Defensive end Cam Heyward maintained OTAs are in the eye of the beholder as it relates to the need to participate with regularity in the annual series of voluntary on-field sessions.
"We play tomorrow?' Heyward offered rhetorically this week when the subject of attendance was raised.
The Steelers don't have a game until the preseason opener on Aug. 9 at Philadelphia.
They won't play one that counts until they kick off the regular season on Sept. 9 at Cleveland.
"I'd love for our guys to be out here but at the end of the day everybody has different things going on, whether it's injuries or whatever," Heyward continued.
"Hopefully, they're all out for training camp."
Presence at Saint Vincent College will be required beginning on July 25 for any and all Steelers under contract.
That'll also be the case for mandatory veteran minicamp next week, June 12-14, at the UPMC Rooney Sports Complex.
OTAs wrapped up today, the conclusion to a three-week process Heyward embraced on and off the field out of perceived necessity.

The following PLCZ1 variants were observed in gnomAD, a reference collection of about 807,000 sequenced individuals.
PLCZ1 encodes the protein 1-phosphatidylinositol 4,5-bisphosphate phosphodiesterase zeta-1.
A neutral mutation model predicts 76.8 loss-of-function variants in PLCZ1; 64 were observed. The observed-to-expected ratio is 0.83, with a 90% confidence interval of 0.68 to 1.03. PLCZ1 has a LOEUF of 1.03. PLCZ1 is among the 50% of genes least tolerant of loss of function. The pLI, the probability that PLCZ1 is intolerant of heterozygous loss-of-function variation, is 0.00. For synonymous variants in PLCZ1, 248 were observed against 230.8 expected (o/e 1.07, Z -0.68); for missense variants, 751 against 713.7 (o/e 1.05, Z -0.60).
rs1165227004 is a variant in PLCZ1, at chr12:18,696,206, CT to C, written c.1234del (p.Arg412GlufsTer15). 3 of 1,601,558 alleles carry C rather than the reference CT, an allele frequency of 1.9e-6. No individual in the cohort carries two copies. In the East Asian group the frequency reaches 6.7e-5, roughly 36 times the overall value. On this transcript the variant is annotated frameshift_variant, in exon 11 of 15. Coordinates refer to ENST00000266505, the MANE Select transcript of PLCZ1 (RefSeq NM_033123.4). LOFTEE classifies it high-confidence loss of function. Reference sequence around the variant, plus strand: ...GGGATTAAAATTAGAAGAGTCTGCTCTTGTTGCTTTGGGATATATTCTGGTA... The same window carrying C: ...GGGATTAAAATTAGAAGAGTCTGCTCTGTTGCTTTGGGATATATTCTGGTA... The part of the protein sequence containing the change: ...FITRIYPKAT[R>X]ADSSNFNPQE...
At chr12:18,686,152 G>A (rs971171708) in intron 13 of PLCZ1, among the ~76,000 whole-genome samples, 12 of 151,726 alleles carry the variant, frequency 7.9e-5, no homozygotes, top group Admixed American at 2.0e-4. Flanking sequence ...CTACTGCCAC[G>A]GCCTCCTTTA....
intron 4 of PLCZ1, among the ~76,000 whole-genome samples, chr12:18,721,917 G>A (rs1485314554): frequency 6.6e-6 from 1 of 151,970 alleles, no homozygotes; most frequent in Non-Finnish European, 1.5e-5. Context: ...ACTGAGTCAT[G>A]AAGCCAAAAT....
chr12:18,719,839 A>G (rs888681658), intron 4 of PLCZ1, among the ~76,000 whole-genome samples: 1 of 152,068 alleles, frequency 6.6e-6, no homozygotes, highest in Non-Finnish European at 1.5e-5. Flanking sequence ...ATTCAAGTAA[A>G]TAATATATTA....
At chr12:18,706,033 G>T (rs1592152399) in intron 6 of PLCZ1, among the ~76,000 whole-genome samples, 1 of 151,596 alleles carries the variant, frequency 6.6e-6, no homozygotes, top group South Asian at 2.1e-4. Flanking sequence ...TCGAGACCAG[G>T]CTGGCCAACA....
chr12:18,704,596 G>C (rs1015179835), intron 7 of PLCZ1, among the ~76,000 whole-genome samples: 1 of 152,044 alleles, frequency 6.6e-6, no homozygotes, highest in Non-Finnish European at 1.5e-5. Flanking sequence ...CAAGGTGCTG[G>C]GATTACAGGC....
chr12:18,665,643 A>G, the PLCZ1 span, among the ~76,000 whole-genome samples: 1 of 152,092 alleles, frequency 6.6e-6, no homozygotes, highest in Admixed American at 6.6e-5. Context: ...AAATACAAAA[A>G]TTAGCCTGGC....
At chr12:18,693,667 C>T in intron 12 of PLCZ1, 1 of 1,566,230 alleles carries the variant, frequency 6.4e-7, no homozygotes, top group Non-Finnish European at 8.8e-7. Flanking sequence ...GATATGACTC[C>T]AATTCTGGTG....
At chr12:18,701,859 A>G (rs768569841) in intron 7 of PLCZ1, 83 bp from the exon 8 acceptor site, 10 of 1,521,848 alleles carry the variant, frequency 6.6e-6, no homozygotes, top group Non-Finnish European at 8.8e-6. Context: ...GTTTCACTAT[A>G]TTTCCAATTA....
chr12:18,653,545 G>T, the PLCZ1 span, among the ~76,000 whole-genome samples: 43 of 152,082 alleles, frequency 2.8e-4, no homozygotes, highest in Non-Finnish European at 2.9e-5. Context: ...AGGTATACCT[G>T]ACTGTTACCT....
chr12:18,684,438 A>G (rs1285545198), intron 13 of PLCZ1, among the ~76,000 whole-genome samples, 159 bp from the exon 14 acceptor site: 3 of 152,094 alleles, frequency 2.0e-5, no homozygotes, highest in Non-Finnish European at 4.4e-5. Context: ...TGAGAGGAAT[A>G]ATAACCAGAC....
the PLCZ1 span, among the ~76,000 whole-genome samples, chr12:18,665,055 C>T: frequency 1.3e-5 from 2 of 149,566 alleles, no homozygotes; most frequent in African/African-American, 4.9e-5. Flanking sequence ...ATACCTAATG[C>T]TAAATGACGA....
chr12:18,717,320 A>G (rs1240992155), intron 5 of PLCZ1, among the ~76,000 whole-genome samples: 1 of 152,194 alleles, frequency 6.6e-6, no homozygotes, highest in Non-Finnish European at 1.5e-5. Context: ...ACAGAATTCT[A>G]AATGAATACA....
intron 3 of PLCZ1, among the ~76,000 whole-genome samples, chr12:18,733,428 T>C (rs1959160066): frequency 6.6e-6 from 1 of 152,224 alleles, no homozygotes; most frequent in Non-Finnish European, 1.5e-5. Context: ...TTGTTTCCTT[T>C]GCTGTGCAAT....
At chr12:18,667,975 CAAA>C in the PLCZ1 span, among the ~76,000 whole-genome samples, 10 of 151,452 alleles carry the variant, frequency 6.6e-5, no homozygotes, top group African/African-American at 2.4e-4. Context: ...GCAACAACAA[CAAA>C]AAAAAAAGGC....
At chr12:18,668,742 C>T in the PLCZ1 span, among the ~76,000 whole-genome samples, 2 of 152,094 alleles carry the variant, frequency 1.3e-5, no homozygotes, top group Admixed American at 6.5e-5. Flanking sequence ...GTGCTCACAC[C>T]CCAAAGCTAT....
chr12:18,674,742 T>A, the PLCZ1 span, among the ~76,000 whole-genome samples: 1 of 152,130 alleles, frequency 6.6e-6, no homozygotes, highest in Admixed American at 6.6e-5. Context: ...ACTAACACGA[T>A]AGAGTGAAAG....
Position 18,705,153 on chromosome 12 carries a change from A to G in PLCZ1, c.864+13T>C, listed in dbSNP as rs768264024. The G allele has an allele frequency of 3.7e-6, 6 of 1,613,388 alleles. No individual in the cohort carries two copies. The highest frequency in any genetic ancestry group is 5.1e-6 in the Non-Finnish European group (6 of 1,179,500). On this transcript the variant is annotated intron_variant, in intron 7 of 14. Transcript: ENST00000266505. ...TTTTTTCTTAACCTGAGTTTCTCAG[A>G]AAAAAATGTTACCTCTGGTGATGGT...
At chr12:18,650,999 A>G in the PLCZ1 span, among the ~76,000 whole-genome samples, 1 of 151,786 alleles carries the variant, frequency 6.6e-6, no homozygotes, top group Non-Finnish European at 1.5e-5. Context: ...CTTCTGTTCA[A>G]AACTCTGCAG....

"I need to get better and there are things I have to work on," he said. "I have a new coach (defensive line coach Karl Dunbar), there are new plays being put in, so I have to be back out here.
"And, obviously, we didn't win, so, obviously, I can improve."
As for what they might be capable of this season based on all that's taken place during OTAs, "it's still early," Heyward maintained. "There are some positive things we can take, but we don't know how everybody's going to react in adverse situations yet. You have guys proven like (veteran safety) Morgan Burnett (who arrived as a free agent from Green Bay), and then you get guys like (first-round pick) Terrell Edmunds (a safety from Virginia Tech), who hasn't been on this stage yet. You have new coaches (Dunbar, defensive backs coach Tom Bradley and wide receivers coach Darryl Drake; quarterbacks coach Randy Fichtner has been promoted to offensive coordinator). You don't know how our team's going to look yet.
"I'm excited for what's going to happen, but it's too early to tell."
Whether he's been practicing or observing, Heyward has emerged encouraged by what he's seen from the starting offensive linemen as a group of five.
"It's huge," he said. "I've been around when we have had injuries on the O-line and you can't rely on that consistency. So when you can get an offensive line together, because they rely so much on each other, it benefits everybody."